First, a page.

ARCHIVED  October 1, 1995

Tuition assistance encourages employees to further education

Northern Colorado employers appear to be a generous lot when it comes to helping workers further their academic educations, if a handful of high-profile bosses are any indication.

At Hewlett-Packard Co., for example, any of its 2,400 employees who takes classes on his or her own time is reimbursed 100 percent of the cost of tuition, books, lab fees and other related expenses.

And the worker doesn’t necessarily have to ace the course to merit such a generous payback. A “C” of better will do, or merely successful completion of a pass/fail class.

“All you have to do is get management approval” for the course of study, H-P spokesman Jim Willard said.

Most H-Pers involved in the company’s education-assistance reimbursement program are pursuing master’s degrees in electrical engineering, computer science or business administration, Willard said.

The schools of choice: Colorado State University and National Technological University. NTU offers long-distance degrees.

Hewlett-Packard has plants in Loveland, Greeley and Fort Collins.

Anheuser Busch Co. Inc. education benefits are only slightly less generous. The company reimburses employee-students 75 percent of the costs they incur in pursuit of baccalaureate and post-graduate degrees.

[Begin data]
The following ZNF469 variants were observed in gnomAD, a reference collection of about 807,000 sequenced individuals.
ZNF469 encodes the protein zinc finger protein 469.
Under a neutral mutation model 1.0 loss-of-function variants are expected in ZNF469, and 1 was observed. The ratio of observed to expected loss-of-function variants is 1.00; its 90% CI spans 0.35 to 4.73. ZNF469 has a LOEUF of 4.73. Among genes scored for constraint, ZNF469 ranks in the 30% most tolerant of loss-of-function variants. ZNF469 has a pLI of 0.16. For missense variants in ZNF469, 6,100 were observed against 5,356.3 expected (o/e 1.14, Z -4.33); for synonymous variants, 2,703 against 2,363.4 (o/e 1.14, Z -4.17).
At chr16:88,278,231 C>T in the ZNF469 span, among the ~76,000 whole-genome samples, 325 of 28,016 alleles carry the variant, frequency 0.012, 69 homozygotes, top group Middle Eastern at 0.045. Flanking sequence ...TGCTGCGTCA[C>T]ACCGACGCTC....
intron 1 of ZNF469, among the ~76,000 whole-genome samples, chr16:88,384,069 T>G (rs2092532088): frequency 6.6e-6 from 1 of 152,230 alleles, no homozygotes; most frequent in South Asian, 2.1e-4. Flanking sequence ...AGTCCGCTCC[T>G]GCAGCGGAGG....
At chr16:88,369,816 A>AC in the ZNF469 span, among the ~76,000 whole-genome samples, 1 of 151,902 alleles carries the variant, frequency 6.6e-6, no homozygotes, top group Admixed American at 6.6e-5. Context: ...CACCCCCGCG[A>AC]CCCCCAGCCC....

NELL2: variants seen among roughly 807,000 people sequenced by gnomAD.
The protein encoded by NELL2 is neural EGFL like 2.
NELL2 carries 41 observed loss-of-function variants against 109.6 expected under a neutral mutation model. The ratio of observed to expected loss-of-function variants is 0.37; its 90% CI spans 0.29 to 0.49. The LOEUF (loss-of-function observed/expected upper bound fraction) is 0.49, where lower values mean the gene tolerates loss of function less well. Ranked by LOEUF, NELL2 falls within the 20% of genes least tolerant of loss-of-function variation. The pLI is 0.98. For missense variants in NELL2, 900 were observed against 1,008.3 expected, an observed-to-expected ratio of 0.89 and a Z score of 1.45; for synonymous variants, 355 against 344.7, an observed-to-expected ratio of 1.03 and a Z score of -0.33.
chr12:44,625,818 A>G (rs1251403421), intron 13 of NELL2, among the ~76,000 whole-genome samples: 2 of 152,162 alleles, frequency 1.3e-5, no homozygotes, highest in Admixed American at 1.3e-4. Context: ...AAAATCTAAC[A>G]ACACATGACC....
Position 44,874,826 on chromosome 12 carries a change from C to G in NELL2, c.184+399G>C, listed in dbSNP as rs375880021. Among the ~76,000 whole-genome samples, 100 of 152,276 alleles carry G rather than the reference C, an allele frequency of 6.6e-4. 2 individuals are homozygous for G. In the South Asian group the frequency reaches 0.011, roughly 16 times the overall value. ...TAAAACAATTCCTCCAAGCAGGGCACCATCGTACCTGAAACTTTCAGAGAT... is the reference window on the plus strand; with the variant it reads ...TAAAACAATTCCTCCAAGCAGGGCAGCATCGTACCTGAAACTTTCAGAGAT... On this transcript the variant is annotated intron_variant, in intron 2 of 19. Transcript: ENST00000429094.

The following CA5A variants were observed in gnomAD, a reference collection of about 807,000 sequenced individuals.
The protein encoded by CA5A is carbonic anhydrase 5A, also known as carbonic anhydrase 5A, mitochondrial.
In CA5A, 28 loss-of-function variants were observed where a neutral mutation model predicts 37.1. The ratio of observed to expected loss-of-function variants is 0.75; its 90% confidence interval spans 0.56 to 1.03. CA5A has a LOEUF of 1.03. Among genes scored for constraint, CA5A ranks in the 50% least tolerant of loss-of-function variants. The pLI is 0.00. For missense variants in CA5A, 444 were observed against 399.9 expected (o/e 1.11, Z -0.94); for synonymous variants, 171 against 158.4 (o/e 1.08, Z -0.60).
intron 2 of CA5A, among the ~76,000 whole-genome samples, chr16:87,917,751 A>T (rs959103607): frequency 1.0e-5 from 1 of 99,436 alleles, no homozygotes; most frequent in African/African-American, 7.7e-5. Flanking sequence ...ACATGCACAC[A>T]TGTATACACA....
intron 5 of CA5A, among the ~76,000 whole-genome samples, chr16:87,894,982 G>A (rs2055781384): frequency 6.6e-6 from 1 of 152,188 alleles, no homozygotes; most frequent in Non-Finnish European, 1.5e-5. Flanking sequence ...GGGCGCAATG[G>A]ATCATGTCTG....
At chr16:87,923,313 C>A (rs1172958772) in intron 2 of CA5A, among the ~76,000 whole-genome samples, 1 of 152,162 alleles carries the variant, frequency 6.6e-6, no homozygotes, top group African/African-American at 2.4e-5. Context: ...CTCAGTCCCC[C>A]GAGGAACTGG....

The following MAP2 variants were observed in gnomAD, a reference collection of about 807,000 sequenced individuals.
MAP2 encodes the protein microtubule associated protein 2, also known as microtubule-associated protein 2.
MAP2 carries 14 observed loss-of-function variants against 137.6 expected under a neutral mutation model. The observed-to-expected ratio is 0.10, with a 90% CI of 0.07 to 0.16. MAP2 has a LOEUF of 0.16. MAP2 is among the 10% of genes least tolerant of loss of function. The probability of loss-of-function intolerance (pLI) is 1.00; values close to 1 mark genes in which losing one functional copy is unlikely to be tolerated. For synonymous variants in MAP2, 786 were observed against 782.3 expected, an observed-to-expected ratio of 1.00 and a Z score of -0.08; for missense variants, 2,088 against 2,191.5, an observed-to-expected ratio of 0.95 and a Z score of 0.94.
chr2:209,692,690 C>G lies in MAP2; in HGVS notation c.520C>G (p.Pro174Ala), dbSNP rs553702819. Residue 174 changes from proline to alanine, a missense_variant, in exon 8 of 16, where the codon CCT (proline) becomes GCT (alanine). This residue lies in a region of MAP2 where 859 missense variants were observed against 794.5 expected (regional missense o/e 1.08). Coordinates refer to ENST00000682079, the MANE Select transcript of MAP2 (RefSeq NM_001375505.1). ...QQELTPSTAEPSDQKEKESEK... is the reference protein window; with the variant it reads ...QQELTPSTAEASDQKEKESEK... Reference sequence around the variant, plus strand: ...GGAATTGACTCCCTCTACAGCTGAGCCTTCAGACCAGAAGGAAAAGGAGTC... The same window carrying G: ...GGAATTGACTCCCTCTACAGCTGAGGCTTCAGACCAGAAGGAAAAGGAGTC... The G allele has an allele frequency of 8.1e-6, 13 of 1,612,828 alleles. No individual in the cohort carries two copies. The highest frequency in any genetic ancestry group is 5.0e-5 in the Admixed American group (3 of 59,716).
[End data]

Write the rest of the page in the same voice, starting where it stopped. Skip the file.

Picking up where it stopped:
The plan covers its 160 salaried employees. Workers under the Teamsters bargaining agreement haven’t lobbied for educational fringe benefits, said Jim Walsh, assistant human-resources manager.

Walsh said that about 10 percent of eligible employees use the program, most of them women. Colorado State University and the University of Denver (for its women’s studies curriculum) are the typical sites for matriculation.

Like Hewlett-Packard, Anheuser Busch’s payback plan is good for As, Bs or Cs. Walsh said the only criticism he’s heard about the program is that it should reimburse an “A” 100 percent.

“Of course, that suggestion comes from the straight-A students,” he noted.

Northern Colorado employers appear to be a generous lot when it comes to helping workers further their academic educations, if a handful of high-profile bosses are any indication.

At Hewlett-Packard Co., for example, any of its 2,400 employees who takes classes on his or her own time is reimbursed 100 percent of the cost of tuition, books, lab fees and other related expenses.

And the worker doesn’t necessarily have to ace the course to merit such a generous payback. A “C” of better will do, or merely successful completion of a pass/fail class.

“All you have to do is get management approval” for…

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